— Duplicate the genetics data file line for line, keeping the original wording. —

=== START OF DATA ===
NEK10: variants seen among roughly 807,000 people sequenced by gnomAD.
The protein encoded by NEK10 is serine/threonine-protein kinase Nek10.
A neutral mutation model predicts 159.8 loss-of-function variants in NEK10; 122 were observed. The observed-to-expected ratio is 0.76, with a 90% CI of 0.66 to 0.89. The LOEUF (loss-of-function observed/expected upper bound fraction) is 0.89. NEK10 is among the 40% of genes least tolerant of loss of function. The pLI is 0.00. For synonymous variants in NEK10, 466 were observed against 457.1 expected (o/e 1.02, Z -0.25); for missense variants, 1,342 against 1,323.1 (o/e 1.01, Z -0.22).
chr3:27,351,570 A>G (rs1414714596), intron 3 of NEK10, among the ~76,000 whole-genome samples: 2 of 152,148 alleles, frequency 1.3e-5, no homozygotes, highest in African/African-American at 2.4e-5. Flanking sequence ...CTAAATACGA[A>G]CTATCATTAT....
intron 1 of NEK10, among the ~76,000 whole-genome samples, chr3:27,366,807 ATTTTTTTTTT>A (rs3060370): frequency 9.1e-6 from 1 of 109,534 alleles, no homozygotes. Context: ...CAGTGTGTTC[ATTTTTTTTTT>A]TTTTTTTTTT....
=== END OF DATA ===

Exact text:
NEK10: variants seen among roughly 807,000 people sequenced by gnomAD.
The protein encoded by NEK10 is serine/threonine-protein kinase Nek10.
A neutral mutation model predicts 159.8 loss-of-function variants in NEK10; 122 were observed. The observed-to-expected ratio is 0.76, with a 90% CI of 0.66 to 0.89. The LOEUF (loss-of-function observed/expected upper bound fraction) is 0.89. NEK10 is among the 40% of genes least tolerant of loss of function. The pLI is 0.00. For synonymous variants in NEK10, 466 were observed against 457.1 expected (o/e 1.02, Z -0.25); for missense variants, 1,342 against 1,323.1 (o/e 1.01, Z -0.22).
chr3:27,351,570 A>G (rs1414714596), intron 3 of NEK10, among the ~76,000 whole-genome samples: 2 of 152,148 alleles, frequency 1.3e-5, no homozygotes, highest in African/African-American at 2.4e-5. Flanking sequence ...CTAAATACGA[A>G]CTATCATTAT....
intron 1 of NEK10, among the ~76,000 whole-genome samples, chr3:27,366,807 ATTTTTTTTTT>A (rs3060370): frequency 9.1e-6 from 1 of 109,534 alleles, no homozygotes. Context: ...CAGTGTGTTC[ATTTTTTTTTT>A]TTTTTTTTTT....